Who likes a Potty Mouth? That’s not just a line your mom says before grabbing the soap: it’s the name of one of the much buzzed about bands performing at Gigawatts Festival this Saturday. We rang up Abby Weems and Ally Einbinder to learn more about the punk-pop trio’s upcoming show and to find out if they’re ready to spring the follow-up to their well received last album, Hell Bent, released in 2013 by North Brooklyn’s own Old Flame Records. They were tight-lipped (rather than potty-mouthed) about that, but we did talk about their band crushes, translating life into lyrics, and mansplaining. Yes, they know how much that pedal costs and, yes, they know how to use it.
You’re being pretty secretive about this new project but what teasers can you give us, if any?
Abby: We’ve been working really hard on our song writing and our personal goals as musicians. It’s going to be a really big step for us. We’ve done a lot of work to improve our sound since the last release.
How does performing in New York compare to your hometown of Northampton, Massachusetts?
Ally: I don’t think we’ve ever had a disappointing show in New York. New York is always so different depending on what part of the city you’re playing in, what venue you’re playing in and how many other things are going on in a particular night. There’s always a crowd no matter where we go.
When you’re in New York what venues do you enjoy playing at the most?
Ally: Back when they still existed we would perform at 285 Kent, Glasslands and Death By Audio, but they’ve all shut down. We’ve played at Baby’s All Right and Silent Barn a bunch. Basically all of those Brooklyn venues are our favorites.
Do you have any bands that you continue to look up to?
Abby: When we first started my influences were whatever I was into at the time (like Green Day). Since then, my bandmates have shown me a lot of different music that’s informed the way I write, like Juliana Hatfield. I think [our music] has gotten much more straight up pop rock [then when] we first started when we were more of a pop punk band.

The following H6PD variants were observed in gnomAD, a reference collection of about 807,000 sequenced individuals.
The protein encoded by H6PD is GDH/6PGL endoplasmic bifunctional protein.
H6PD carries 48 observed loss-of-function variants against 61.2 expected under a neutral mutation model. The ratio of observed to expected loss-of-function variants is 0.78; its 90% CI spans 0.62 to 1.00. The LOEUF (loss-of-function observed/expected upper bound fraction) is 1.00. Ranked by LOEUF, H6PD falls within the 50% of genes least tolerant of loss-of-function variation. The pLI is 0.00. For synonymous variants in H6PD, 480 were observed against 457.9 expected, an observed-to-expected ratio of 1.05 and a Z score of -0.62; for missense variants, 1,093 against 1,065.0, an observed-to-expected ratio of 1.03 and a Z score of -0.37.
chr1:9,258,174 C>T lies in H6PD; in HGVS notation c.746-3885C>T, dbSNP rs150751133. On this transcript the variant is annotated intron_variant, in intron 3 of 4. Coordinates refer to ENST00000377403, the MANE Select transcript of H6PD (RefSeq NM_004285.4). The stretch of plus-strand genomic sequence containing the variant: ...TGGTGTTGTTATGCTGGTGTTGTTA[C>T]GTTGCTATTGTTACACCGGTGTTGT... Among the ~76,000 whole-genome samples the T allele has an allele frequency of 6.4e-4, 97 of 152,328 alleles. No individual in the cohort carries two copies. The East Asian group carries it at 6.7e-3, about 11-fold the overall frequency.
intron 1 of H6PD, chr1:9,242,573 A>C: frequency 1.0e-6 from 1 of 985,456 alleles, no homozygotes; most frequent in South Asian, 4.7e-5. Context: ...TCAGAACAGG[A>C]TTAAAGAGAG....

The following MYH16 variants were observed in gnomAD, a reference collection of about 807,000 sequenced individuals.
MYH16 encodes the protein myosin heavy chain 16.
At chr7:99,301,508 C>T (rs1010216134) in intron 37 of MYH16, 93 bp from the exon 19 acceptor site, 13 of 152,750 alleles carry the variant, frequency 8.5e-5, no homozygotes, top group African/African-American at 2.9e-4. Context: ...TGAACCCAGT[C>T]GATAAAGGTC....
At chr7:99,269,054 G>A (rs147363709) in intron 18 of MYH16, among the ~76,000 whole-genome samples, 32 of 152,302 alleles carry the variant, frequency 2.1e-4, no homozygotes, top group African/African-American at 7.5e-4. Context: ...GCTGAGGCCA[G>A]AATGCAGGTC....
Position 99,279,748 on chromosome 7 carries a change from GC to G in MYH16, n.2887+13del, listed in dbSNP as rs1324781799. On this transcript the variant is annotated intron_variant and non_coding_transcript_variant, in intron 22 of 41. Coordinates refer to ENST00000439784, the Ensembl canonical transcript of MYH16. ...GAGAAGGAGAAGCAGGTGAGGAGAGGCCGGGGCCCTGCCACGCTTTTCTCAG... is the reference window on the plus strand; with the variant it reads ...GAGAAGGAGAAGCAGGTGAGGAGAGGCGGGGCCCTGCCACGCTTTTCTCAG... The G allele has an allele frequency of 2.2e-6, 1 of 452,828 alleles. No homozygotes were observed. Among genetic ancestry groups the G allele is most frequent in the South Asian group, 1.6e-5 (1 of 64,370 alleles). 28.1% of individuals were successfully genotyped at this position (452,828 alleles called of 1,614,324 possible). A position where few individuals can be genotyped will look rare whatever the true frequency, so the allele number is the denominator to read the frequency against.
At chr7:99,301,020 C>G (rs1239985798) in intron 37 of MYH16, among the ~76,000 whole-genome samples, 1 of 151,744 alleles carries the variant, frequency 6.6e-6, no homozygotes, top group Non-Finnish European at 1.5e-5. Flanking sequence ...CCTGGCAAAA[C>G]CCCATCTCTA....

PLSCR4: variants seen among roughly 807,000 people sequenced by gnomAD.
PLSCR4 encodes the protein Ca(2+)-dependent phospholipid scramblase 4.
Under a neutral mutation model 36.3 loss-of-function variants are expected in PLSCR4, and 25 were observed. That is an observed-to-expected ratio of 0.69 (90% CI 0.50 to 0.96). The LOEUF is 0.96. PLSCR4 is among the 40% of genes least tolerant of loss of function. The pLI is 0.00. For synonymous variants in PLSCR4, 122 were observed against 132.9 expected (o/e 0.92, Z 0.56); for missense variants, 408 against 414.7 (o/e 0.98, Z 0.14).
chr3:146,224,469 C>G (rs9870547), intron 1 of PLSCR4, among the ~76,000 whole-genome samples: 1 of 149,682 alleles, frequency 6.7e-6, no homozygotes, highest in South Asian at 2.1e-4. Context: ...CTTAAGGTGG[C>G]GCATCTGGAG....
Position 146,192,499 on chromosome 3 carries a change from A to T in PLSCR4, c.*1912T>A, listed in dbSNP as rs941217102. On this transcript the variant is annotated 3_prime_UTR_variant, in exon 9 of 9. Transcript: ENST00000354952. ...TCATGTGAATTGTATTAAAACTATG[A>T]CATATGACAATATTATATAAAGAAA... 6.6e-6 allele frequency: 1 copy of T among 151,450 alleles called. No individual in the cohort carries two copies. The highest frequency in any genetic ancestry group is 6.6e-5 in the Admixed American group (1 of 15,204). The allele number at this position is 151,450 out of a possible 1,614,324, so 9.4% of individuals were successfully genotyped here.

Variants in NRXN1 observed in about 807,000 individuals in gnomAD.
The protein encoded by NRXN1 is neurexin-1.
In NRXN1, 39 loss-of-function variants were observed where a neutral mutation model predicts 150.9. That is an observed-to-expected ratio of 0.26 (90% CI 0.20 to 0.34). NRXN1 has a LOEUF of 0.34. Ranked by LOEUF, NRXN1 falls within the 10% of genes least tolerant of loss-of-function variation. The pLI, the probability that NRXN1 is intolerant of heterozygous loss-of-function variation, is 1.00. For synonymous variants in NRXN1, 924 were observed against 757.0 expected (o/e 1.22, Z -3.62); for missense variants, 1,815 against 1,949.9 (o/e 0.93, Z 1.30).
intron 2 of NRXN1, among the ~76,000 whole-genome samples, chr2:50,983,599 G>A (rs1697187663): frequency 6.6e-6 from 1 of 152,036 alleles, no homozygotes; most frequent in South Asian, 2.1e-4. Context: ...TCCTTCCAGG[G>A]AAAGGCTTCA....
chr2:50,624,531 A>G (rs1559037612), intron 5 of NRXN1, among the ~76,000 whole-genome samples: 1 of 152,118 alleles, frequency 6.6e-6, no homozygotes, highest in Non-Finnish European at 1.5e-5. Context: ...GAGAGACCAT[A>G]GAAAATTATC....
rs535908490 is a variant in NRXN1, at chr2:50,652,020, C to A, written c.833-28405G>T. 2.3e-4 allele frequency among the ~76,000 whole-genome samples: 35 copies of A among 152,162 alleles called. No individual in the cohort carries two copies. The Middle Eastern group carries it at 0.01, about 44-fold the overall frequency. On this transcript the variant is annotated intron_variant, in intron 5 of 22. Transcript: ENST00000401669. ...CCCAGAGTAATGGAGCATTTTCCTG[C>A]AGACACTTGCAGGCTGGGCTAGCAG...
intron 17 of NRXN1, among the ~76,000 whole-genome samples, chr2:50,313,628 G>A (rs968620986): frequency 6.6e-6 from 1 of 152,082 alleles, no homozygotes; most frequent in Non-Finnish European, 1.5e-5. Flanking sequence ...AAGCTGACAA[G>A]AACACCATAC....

So that’s how you’d describe your music? More pop rock than pop punk?
Ally: I’d say big rock ‘n roll but rock ‘n roll that’s melodic and hooky. We’re not saying we’re like the Foo Fighters, but the Foo Fighters are a big rock band with super hooky, catchy songs. Just to second what Abby said, Juliana Hatfield is someone we played four shows with back in April and she’s a true inspiration. The new material she’s writing is just as good, her voice hasn’t changed and she’s still such a songwriter and performer. It’s incredible to see that it’s still possible to keep doing this when it’s typically associated with being young and whatever. I really admire her and that group of musicians from the ‘90s who are still doing it.
Your previous album was described as being full of confidence. Where does it come from?
Ally: Abby and I were having a conversation about this — how you need to let go of your ego. By ego I mean the voice in your head that is overly self-critical and overly self-doubting and the voice that feels like you need to be the absolute best. Both voices are damaging and ultimately slow you down. I wouldn’t say it’s as much confidence as feeling comfortable and being like, “Fuck it, why not?”
What inspires you and how do you translate that into lyrics?
Abby: I would say that music is purely a way to process things and a lot of my lyrics are about my experiences or things I’ve witnessed other people experience. It’s my form of therapy. I’ve written a lot of songs at this point and some of them will probably never see the light of day. But it’s all just been a way for me to process good and bad things. To me that feels just as satisfying as talking through it with a friend.
Is it difficult to be an all-female band in what seems to be a male-centric rock universe? Do you have to deal with a lot of harassment during performances?
Abby: People are so curious about our gear and will ask us questions like we don’t know what we’re doing. Instead of being like, ‘Oh, I have that kind of pedal,’ they’ll point at your gear and be like, ‘That one does this, that one does this.’ Yeah, I can hear you. I know.
Ally: That kind of shit happens all the time, without question. It sometimes feels like by saying those things they’re not only trying to prove to us, but to themselves that they have the knowledge. [Then they don’t] feel threatened by us. Often I’ll catch a dude in the act of being wrong – saying stuff about my bass or my amp. They speak so confidently, but half the time they’re not even correct. I always thought that’s a good life fact: if you don’t know what you’re talking about, just act like you know what you’re talking about. Apparently, that’s what men do all the time.